Heat Stress and Forage Feeding Approaches – Part 2

Rick Grant
William H. Miner Agricultural Research Institute


Feeding Management during Heat Stress

Feeding more of the ration at night during heat stress is a common recommendation, but recent research suggests it may be counterproductive. When a higher percentage of feed is offered at night during heat stress, cows tend to eat quickly – essentially slug feed – according to recent research from Penn State University. When a substantial portion of the daily feed is offered at night, cows have a greater rate of intake and insulin response. Perhaps cows want to eat quickly so they can lie down because resting is the normal dominant behavior at night. Actually, some nutritionists recommend greater dietary forage content at night to slow the eating rate which ought to lessen the risk of sub-acute acidosis.

Multiple nighttime feedings may be better, but are likely not practical. Aharoni et al. (2005) found that the energy expenditure of nighttime fed cows was lower than daytime-fed cows and their efficiency of energy use for milk production was greater. Presumably, cows produced less metabolic heat during the daytime and more during the cooler evening hours. Daytime-fed cows were fed at 30% of their daily allocation at 6:15 am, 20% at 10:00 am, 25% at 3:30 pm, and 25% at 7:00 pm. In contrast, the night-fed cows received 20% of their daily feed at 6:15 am, 30% at 3:30 pm, 25% at 7:00 pm, and 25% at 9:00 pm. We need to learn more about timing of feed delivery to heat-stressed cows.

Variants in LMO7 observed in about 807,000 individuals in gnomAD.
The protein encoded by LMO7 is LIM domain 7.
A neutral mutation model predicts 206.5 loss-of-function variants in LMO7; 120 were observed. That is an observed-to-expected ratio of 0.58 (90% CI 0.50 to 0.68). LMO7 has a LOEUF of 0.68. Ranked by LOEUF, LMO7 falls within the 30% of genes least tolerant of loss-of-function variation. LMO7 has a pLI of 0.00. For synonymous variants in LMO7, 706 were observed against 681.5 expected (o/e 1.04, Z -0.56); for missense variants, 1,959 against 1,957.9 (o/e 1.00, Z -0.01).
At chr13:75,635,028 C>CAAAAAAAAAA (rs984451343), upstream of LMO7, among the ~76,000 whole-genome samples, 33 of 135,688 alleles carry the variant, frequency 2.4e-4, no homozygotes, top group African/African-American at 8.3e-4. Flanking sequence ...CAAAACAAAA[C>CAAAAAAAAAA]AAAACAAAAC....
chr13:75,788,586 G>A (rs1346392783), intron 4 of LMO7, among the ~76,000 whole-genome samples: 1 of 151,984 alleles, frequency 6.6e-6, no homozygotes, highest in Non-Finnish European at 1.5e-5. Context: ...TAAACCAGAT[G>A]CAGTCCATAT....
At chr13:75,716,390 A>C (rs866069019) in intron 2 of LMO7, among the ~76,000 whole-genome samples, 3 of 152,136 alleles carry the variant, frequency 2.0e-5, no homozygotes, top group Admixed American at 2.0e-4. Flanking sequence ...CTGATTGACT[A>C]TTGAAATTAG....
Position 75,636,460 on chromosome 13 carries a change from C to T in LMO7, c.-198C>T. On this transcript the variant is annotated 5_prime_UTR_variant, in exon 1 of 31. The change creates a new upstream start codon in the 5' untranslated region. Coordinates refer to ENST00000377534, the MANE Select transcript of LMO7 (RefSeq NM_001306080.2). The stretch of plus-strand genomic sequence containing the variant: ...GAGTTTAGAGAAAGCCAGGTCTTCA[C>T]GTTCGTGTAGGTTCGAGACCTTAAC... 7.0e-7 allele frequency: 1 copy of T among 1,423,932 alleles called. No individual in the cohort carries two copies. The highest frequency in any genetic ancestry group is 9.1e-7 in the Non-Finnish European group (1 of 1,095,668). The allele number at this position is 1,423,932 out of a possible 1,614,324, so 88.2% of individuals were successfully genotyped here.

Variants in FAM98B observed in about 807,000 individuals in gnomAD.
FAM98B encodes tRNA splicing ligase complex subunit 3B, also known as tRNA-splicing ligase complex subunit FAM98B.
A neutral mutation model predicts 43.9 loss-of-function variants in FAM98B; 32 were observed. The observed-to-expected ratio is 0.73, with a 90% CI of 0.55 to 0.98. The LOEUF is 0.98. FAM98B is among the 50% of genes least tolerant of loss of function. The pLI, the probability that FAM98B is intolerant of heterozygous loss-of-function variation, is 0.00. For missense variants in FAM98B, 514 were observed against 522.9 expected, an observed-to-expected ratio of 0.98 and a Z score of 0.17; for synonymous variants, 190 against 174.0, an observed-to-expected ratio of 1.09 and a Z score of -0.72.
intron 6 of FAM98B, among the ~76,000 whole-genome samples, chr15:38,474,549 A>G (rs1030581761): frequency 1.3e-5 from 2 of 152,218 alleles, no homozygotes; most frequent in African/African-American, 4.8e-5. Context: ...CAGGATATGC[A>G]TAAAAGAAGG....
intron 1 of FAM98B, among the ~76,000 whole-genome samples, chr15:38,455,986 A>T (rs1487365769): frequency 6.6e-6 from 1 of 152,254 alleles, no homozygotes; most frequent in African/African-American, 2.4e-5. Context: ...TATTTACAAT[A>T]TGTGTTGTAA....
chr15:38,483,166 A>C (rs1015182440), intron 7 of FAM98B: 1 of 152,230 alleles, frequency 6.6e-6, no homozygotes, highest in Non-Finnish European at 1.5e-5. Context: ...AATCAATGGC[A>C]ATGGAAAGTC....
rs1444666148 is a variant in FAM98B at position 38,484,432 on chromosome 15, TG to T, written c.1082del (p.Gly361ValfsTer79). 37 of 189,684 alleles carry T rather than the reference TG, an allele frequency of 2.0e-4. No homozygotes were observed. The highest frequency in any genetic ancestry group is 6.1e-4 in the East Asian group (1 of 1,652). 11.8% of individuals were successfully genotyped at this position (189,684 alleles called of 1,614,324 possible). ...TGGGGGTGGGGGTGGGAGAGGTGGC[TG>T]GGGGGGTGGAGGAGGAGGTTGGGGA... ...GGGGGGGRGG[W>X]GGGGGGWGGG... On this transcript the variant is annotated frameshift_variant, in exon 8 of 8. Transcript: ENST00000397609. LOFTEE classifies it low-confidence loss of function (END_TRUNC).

Perhaps the best advice for now can be found in recent Italian research that showed that cows fed primarily in the morning – although most common – was actually least suitable for cow comfort during heat stress. Compared with cows fed in the evening or either in the morning and evening, cows fed in the morning only were more heat stressed and had higher rectal temperatures and breathing rates. This makes sense. Feeding early in the morning or evening avoids stacking digestive and ambient heat loads on the cow.

Forage and Nonforage Sources of Fiber

We all know that cows require adequate fiber for proper rumination, rumen function and VFA production. Cows require a physically effective NDF content of 21 to 24% of dietary dry matter, or about 75% of total NDF from forages. Adequate fiber is essential to help prevent rumen acidosis and high quality forages are critical. Highly digestible forage NDF will help to reduce the overall heat load on the cow and provide the proper amounts and ratios of VFA to maintain milk and milk component synthesis. When high quality forage is not available, some research has also indicated that substituting byproduct NDF for the lower digestibility forage NDF can improve milk production during heat stress (i.e. soybean hulls, beep pulp, and similar nonforage sources of fiber). Forage NDF can be reduced from 75% to 60% of total NDF under heat stress and still achieve efficient fiber fermentation.